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The Project Manager

“Project authority ….. You’ve got it only if you think you’ve got it.”

The conflict between responsibility and authority poses an inherent dilemma for the project manager. How can a project manager be responsible for the outcome of the project if he/she has no authority over resources and decisions in the organization? After all, there are very few people who report directly to the project manager. This is common occurrence with a matrix organization. To complicate matters further, none of the other players have a direct reporting relationship.

“They’ve given us all the responsibility for the project, but minimal authority over what we need for the project ….. Responsibility without associated authority!” is the common lament of project managers. Well, folks, I have news for you! You will never have the authority you wish you had, but you will always have the full responsibility for the project. In fact, the reason you have been asked to be the project manager is usually because of your skills and ability to manage this dilemma.

The perceived lack of authority seems like a valid argument to begin with. But let’s look deeper into reality. How often do you see a project where you have authority over all the factors associated with the project? Consider a simple example of remodeling your kitchen or renovating the basement.

You decide upon a budget, draw up a plan, select the cupboards, order the material, hire a contractor and sign the contract. Guess what happens next? The delivery of cupboards is delayed, you knock down the drywall and find a gaping hole, and you have to do electrical work that you didn’t expect. The project will now take three months instead of the one month that you had planned, you are living out of a make-shift kitchen in the basement, and everyone including the spouse and the kids are talking about this “project from hell”. You never know what’s behind the walls until you knock them down; and such is the case with projects!

The Project Manager’s Dilemma

Come to think of it, you have little direct authority over the things that are beyond your control. And that’s not just limited to kitchen renovations. It applies to every single project from launching a space rocket, marketing a new product, implementing a computer technology or rolling out a new service for your customers. The scale and complexities of the projects may differ, but the fact is that you have little authority over a vast range of activities that are essential to the success of your project.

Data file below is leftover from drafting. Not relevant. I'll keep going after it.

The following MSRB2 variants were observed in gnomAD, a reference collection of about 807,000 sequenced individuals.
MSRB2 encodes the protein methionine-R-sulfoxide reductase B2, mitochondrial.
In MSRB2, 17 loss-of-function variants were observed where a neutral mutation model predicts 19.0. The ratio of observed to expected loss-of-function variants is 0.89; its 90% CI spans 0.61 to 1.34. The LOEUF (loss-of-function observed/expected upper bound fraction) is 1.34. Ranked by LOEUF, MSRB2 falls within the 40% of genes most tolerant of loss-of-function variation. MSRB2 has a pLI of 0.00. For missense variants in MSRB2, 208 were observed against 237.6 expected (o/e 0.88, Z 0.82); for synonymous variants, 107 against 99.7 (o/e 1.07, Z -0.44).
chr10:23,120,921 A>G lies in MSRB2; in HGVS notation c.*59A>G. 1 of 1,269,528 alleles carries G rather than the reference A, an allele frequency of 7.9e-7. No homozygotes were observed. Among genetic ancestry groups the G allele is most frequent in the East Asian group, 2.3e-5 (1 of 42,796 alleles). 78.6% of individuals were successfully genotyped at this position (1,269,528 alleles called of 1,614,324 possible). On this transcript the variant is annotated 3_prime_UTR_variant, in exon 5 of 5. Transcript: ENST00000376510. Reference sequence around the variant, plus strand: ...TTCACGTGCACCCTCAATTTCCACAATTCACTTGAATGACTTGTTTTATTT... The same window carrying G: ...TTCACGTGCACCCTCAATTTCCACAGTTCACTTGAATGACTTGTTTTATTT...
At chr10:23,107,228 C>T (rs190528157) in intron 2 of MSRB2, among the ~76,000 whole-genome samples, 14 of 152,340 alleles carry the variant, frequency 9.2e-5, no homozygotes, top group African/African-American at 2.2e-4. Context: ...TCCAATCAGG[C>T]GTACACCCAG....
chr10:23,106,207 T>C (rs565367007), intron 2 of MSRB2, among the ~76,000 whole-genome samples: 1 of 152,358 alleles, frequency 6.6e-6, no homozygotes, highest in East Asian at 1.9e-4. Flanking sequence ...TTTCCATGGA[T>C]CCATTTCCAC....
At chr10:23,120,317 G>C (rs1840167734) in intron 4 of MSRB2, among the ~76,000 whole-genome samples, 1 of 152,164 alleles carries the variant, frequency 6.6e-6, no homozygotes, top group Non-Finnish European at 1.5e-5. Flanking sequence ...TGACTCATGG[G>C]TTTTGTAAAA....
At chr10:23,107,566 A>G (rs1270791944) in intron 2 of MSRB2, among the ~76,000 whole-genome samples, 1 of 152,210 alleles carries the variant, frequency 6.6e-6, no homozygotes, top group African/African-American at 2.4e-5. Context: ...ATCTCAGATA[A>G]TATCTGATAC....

In light of these circumstances, what should a project manager do? The first step is to recognize and acknowledge this reality in the world of project management. You will never have the authority you need or deserve, but you will always be accountable and responsible for the project. As a project manager, you are expected to work under these constraints, deal with issues and circumstances that are outside your control, and succeed. Who said project management was easy?

Project management is the art and science of getting work done with the active cooperation of everyone you need to make your project a success. Knowing the art and science well, and practicing it diligently will make you an outstanding project manager. As a project manager, you have all the authority you need, to do the right thing for the project and your client. The project manager’s authority is implicit, it goes with the job, and it is expected that you exercise it to get the job done. A big part of this is managing customer expectations.

How do you get the work done?

When I was a novice project manager, I often wished that I could carry a baseball bat to the office, swing it and let people know about its existence just in case they didn’t deliver on their commitments. Or, perhaps, settle such issues with a one-on-one confrontation in the parking lot. However, this is not the ideal way to gain people’s commitments or to drive projects.

The only thing you have at your disposal is the ability to effectively communicate with everyone including your clients, stakeholders, team members, executives, engineers, and sub-contractors. Communication involves knowing when and how to use the different tools for communication including written, verbal and presentation skills.